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Grade 4

Grade 4 Writers Guide

Fourth Grade Grammar Review

Much of the grammar in the fourth grade will be review of the last few years. After all, kids are about to make a huge jump into speaking like a fully actualized human being—they better have some of the basics down pat.

Adverbs

In short, Adverbs are words that describe how. They modify adjectives, verbs, or other adverbs. They often end in -ly, but they don't have to. Some people don't like it when they are placed in the middle of an infinitive form of a verb, as in Captain Kirk's “to boldly go,” but “to go boldly” just doesn't have the same punch, does it? By the time a student reaches fourth grade grammar, he or she should be pretty good with adverbs. If she isn't, get on that because it's important. Here's an article about adverbs.

Prepositions

Prepositions describe when or where. Those things are fairly crucial when stringing together any kind of information. Single-word prepositions are easy. In, on, around, above, and many others are on the list of prepositions. Some draconian teachers force their students to list them all in alphabetical order from memory, the purpose of which remains unclear. Preposition lists are boring and useless. Besides, prepositional phrases are what fourth graders are going to start using, and those are super valuable.

Punctuation

Termination punctuation is old had in the fourth grade, but there will probably be some practice with spotting where a period goes. Fragments simply cannot be tolerated in written communication past the third grade. A fragment is basically a group of words posing as a sentence that on closer inspection is missing one or more of the indispensable components of one. Sentences need at the very least a subject and a verb.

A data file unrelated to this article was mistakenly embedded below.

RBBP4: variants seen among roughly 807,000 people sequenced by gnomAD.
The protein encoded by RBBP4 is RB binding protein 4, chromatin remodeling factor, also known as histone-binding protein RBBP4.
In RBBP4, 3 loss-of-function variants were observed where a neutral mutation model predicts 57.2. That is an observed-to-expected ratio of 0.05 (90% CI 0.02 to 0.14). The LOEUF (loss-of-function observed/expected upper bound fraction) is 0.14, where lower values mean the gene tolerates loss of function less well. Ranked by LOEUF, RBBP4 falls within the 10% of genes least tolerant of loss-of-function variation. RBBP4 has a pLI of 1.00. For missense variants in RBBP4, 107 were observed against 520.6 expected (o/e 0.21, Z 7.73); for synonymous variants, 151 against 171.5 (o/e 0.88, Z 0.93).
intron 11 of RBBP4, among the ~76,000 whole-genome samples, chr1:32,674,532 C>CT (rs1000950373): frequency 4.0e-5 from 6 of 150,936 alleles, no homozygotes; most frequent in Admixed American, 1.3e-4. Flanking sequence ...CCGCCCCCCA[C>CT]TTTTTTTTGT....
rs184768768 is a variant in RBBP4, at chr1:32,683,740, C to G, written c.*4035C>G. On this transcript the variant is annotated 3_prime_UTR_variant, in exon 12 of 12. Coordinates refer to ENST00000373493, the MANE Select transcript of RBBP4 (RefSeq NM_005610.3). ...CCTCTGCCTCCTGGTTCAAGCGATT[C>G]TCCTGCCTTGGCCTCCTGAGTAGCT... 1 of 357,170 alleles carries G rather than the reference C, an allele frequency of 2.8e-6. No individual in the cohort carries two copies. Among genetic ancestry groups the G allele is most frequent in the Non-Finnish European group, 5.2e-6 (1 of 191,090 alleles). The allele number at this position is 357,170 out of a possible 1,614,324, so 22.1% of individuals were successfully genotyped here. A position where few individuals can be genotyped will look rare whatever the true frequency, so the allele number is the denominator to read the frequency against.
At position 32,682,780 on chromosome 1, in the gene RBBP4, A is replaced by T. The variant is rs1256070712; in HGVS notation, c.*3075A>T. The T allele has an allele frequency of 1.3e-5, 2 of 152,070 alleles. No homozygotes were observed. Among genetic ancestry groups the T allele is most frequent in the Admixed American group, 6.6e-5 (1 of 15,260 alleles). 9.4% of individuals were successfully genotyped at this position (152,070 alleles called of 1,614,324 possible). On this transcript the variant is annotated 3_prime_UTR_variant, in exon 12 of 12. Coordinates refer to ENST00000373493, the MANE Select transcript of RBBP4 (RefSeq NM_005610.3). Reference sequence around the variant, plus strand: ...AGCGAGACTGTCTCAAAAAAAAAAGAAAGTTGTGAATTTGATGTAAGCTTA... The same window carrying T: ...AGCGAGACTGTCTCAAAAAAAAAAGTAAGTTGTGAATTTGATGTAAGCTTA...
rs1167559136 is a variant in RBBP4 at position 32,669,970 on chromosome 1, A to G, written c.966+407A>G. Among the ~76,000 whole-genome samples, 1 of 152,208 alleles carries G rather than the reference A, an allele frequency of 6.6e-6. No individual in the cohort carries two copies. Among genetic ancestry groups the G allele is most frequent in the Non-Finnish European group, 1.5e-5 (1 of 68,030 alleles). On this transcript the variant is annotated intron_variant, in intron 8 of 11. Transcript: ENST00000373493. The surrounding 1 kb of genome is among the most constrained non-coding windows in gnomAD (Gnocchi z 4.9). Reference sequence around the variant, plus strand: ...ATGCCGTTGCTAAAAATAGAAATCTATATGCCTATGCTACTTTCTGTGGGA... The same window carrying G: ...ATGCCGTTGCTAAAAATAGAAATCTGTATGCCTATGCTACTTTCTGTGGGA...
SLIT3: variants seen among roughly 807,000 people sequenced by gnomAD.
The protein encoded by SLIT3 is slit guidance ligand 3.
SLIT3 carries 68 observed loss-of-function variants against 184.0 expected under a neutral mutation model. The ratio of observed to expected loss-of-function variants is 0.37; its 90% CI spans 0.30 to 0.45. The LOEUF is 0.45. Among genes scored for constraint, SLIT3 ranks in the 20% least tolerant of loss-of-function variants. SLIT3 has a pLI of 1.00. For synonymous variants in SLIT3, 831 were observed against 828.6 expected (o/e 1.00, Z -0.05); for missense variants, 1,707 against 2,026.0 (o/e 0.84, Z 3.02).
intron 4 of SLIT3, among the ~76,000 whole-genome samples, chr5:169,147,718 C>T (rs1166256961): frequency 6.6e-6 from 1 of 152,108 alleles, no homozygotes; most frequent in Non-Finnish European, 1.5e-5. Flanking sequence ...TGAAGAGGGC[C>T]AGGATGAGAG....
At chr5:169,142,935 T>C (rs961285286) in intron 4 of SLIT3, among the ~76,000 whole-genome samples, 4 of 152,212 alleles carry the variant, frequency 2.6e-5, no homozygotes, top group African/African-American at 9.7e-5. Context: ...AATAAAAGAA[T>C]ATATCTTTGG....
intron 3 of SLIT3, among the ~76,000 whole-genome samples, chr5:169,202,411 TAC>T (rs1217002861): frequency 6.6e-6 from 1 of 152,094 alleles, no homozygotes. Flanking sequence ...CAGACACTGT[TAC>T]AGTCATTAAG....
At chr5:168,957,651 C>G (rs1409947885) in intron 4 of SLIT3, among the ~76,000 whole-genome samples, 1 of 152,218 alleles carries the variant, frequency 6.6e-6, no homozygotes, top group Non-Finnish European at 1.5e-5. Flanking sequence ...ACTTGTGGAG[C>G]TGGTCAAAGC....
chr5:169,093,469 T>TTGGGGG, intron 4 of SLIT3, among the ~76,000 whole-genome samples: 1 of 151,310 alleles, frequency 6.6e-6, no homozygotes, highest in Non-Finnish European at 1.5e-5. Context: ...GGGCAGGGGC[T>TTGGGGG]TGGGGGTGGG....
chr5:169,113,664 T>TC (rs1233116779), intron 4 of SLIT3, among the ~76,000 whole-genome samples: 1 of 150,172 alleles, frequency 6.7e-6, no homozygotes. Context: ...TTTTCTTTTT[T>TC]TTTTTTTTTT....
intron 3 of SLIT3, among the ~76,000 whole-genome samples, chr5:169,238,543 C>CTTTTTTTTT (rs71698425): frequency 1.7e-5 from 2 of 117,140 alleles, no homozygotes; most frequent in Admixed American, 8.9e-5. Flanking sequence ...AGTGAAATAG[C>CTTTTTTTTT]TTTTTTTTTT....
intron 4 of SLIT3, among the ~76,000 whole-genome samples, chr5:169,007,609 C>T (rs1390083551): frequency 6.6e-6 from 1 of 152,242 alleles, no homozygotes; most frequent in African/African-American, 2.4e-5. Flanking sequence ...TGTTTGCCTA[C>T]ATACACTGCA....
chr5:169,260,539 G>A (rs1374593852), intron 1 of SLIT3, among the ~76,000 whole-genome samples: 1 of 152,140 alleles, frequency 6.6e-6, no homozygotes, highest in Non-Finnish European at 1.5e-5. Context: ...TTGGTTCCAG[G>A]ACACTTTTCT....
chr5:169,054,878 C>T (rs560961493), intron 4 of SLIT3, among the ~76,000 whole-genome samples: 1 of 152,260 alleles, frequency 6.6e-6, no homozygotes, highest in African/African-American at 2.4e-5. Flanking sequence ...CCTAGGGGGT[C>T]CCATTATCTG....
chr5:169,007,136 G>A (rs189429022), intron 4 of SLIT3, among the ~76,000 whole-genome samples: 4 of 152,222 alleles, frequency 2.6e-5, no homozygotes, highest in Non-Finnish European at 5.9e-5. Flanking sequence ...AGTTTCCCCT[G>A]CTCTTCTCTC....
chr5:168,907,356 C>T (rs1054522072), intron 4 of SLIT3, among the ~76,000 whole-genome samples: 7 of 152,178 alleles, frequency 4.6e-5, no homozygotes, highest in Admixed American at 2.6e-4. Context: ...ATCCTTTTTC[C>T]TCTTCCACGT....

ExamplesI ate.She spoke.We danced.

If you try something like “Spoke at the party.”, your paper will come back with red ink all over it because you haven't written a complete sentence. Sticking a period at the end of a phrase doesn't make it a sentence. Incomplete sentences have their place, but they are not sentences; don't try to pass them off as such. In the fourth grade, though, students will learn how to splice together ideas with commas so that their sentences can begin to reflect the complexity of thought desired in a developing and intellectually curious mind. The comma will have been introduced in the third grade, but now kids get to have fun with it.

Make Your Language Dance with Coordinating Conjunctions

What if you have two ideas that you know belong together? Like sharing a niche at the columbarium with your spouse because you were meant to be together forever, certain ideas are meant to be together, too. Not even the flames of the crematorium can separate them. That's when you use a coordinating conjunction.

The coordinating conjunctions are easy to remember with a mnemonic device: FANBOYS.

ForAndNorButOrYetS

o

If you see one of the FANBOYS, that means you need a comma and a second subject.

ExampleI ate, and she talked, but later we danced.

There's even a preposition in there! Notice that there are three different subjects and verbs. That isn't necessary. Theoretically, the subjects and verbs can all be the same, though it wouldn't make much sense. Grammatically, this is correct: “I talked, and I talked, and I talked.” The point is to combine ideas into one. Otherwise, it would look like this: “I talked. I talked. I talked.” Clearly, those ideas are close enough to be linked up with commas.

Have fun writing stories and having real conversations and epistolary correspondence with your fourth grader.

 

 

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